And now, when even more lives were taken from such a beautiful country, when loss is all they can think about, besides terror and fear, we can’t give them that gift. And I don’t understand why.

Is it because Turkey is a Muslim country, despite its Christian foundations and secular government? Is Turkey not “European” enough? Too far east? Too “foreign?” Are Turkish people’s lives—the people who made me feel so at home in their country, who smiled and helped me when I was still getting used to the language—not worth as much? Because when we brush this attack off, when we disregard Turkey, saying, “Oh well, that’s in the Middle East, anyways,” (it’s not, actually, please get a globe) we are actively letting hate and Islamophobia win.

The country of Turkey, and Istanbul in particular, has a very interesting history. Istanbul is both a European and Asian city, and its roots trace back to some of the most formative years of Christianity, as well as Islam. The country has more Greek and Roman ruins than Greece and Rome. And today, it continues to be a diverse, historic, beautiful nation. So how can anyone, anyone who is the least bit dynamic, cultured, informed—anyone who has the same traits as Turkey does—let go of this tragedy?

We are all Turkey, and we are all Istanbul. If you are pro-life, you are Turkey. If you are anti-gun, you are Turkey. If you’re black, white, Native American, Indian, Christian, Muslim, Hindu, Atheist—you are Turkey. Because those are the people who make up the country of Turkey, the city of Istanbul. The bakery owner who never judged me for how many cookies I bought in a week. The South African pastor of the church that provided me with so much comfort. The man running the street waffle stand I visited way too often, who called me Shakira because of my blonde hair. The owner of the neighborhood cafe I frequented at least once a week. They are Turkey, they are Istanbul. We are all Istanbul.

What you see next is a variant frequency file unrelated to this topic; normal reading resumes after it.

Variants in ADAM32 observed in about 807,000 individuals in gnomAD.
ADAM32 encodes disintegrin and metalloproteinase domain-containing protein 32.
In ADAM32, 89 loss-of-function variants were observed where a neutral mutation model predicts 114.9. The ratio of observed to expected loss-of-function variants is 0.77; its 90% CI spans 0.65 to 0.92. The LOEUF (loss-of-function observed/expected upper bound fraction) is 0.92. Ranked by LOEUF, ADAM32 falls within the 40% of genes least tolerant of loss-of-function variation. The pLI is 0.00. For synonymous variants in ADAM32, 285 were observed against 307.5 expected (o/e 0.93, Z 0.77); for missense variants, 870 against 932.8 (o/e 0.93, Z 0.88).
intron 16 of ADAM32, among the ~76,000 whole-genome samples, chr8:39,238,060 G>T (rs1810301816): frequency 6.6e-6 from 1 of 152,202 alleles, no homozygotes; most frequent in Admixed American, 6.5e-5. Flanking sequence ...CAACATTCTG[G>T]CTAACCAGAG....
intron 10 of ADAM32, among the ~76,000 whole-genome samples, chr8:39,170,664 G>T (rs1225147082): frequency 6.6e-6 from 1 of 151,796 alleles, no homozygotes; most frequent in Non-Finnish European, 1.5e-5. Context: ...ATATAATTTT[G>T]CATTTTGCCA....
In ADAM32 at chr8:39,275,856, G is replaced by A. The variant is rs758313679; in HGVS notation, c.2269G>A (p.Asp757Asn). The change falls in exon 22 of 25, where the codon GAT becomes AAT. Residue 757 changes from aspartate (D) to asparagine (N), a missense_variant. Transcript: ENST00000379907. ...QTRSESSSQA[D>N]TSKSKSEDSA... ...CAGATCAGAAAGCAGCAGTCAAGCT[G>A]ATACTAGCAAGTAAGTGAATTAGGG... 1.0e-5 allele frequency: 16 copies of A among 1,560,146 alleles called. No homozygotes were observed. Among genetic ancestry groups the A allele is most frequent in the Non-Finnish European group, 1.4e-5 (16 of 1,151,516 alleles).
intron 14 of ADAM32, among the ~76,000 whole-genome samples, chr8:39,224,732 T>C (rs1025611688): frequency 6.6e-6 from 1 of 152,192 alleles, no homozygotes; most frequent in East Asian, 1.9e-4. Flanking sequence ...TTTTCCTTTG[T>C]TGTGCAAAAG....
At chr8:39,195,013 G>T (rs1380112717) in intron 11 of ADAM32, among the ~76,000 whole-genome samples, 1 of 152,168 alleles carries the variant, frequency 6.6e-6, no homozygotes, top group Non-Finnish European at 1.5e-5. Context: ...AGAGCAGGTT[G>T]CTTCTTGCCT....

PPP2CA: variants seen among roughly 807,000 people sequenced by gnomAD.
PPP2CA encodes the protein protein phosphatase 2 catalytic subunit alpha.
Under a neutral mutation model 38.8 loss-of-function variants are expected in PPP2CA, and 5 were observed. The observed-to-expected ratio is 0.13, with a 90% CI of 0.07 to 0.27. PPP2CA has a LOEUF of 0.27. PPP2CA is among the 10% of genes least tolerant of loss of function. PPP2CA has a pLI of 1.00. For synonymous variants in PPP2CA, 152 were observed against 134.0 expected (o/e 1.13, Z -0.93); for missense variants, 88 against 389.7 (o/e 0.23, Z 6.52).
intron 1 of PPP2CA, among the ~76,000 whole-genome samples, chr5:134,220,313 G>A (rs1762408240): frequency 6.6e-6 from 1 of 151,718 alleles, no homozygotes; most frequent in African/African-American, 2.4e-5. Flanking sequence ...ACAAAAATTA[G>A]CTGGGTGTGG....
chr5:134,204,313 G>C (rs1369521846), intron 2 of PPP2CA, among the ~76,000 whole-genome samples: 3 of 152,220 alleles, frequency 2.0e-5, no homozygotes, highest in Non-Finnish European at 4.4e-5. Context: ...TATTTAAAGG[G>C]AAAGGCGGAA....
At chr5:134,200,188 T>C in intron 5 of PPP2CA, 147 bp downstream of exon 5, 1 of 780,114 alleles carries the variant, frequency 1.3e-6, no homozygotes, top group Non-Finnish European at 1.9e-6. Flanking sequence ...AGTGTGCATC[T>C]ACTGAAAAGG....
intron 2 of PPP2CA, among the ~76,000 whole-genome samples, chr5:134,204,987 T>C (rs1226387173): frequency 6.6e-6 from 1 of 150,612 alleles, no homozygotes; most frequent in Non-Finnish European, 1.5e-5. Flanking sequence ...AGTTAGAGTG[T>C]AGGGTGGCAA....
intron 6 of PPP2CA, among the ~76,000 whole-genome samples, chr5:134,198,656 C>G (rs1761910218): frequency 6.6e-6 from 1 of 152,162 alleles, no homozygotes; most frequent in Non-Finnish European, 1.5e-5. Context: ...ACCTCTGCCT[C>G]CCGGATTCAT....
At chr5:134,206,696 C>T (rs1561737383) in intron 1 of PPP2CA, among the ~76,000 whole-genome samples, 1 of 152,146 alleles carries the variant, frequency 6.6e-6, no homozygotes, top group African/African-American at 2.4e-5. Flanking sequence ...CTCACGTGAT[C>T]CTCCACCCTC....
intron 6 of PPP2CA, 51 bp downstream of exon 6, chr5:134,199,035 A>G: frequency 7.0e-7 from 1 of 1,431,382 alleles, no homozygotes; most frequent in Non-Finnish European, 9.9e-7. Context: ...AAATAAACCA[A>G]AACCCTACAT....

I Don't Know If I Was Raped

Originally published on October 14, 2016 here

*Trigger warning for sexual assault* 

I used to wear a purity ring.

I know it seems outdated and slightly misogynistic, and I know virginity is really just a social construct, but I was raised with certain values. And even after I grew up and explored my own beliefs, I still knew I wanted to wait until I was married to have sex. I had strong convictions about it, sex was a big deal to me, and it still is.

I got my purity ring from my mom. She picked it out just for me and it made me feel closer to her. Now, the ring sits in my jewelry box and I only wear it when I see my family. The morning after I lost my virginity, my ring was the first thing I thought of. Do I still wear it? I didn’t know the answer to that question, because there was an even bigger question I didn’t know the answer to: Did I give consent to have sex? Was I raped, or do I just not remember?

I know, I know, there are women all over the world who will hate me for writing this, but I really don’t know. It all seems so black and white until it happens to you. I was stupid drunk, hardly had control of my body, and said “No” at least three times. But I invited him over, I told him to sit next to me on my bed, and ripped his shirt off. He didn’t know I was a virgin, and I didn’t realize I wasn’t anymore until the pain started and I recognized I wasn’t strong enough to stop it. I didn’t fight that hard, I just gave up.